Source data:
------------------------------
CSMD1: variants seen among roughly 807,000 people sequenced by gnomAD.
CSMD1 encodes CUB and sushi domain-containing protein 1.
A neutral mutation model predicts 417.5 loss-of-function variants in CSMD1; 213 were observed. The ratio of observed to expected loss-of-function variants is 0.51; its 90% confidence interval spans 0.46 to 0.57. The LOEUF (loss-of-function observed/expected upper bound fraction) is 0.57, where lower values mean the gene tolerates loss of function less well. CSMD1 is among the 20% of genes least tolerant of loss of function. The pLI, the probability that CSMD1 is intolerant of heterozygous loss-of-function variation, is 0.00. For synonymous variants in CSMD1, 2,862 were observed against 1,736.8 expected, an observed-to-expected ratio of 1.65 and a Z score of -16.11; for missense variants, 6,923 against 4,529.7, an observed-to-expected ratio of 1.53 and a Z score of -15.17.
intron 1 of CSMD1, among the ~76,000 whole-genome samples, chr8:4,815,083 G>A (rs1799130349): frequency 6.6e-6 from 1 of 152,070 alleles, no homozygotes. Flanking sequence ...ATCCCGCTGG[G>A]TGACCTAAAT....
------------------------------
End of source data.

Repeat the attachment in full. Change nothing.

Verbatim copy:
CSMD1: variants seen among roughly 807,000 people sequenced by gnomAD.
CSMD1 encodes CUB and sushi domain-containing protein 1.
A neutral mutation model predicts 417.5 loss-of-function variants in CSMD1; 213 were observed. The ratio of observed to expected loss-of-function variants is 0.51; its 90% confidence interval spans 0.46 to 0.57. The LOEUF (loss-of-function observed/expected upper bound fraction) is 0.57, where lower values mean the gene tolerates loss of function less well. CSMD1 is among the 20% of genes least tolerant of loss of function. The pLI, the probability that CSMD1 is intolerant of heterozygous loss-of-function variation, is 0.00. For synonymous variants in CSMD1, 2,862 were observed against 1,736.8 expected, an observed-to-expected ratio of 1.65 and a Z score of -16.11; for missense variants, 6,923 against 4,529.7, an observed-to-expected ratio of 1.53 and a Z score of -15.17.
intron 1 of CSMD1, among the ~76,000 whole-genome samples, chr8:4,815,083 G>A (rs1799130349): frequency 6.6e-6 from 1 of 152,070 alleles, no homozygotes. Flanking sequence ...ATCCCGCTGG[G>A]TGACCTAAAT....